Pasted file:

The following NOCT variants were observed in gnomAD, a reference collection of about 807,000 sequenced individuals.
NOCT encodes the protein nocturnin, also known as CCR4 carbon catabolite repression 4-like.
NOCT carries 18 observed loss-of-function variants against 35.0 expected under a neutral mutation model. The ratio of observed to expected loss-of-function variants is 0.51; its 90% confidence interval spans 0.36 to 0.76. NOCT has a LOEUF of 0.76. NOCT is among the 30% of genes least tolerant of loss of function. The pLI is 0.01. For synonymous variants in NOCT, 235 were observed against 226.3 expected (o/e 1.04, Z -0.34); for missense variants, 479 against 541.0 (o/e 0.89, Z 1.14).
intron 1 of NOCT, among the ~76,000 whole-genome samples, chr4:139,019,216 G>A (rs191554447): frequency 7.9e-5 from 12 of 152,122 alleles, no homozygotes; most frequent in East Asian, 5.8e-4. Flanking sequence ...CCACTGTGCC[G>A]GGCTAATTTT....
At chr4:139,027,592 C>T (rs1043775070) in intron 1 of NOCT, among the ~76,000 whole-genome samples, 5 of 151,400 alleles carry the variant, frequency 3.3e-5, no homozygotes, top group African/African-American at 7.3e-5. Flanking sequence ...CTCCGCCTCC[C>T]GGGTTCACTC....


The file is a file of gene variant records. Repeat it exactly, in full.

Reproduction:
The following NOCT variants were observed in gnomAD, a reference collection of about 807,000 sequenced individuals.
NOCT encodes the protein nocturnin, also known as CCR4 carbon catabolite repression 4-like.
NOCT carries 18 observed loss-of-function variants against 35.0 expected under a neutral mutation model. The ratio of observed to expected loss-of-function variants is 0.51; its 90% confidence interval spans 0.36 to 0.76. NOCT has a LOEUF of 0.76. NOCT is among the 30% of genes least tolerant of loss of function. The pLI is 0.01. For synonymous variants in NOCT, 235 were observed against 226.3 expected (o/e 1.04, Z -0.34); for missense variants, 479 against 541.0 (o/e 0.89, Z 1.14).
intron 1 of NOCT, among the ~76,000 whole-genome samples, chr4:139,019,216 G>A (rs191554447): frequency 7.9e-5 from 12 of 152,122 alleles, no homozygotes; most frequent in East Asian, 5.8e-4. Flanking sequence ...CCACTGTGCC[G>A]GGCTAATTTT....
At chr4:139,027,592 C>T (rs1043775070) in intron 1 of NOCT, among the ~76,000 whole-genome samples, 5 of 151,400 alleles carry the variant, frequency 3.3e-5, no homozygotes, top group African/African-American at 7.3e-5. Flanking sequence ...CTCCGCCTCC[C>T]GGGTTCACTC....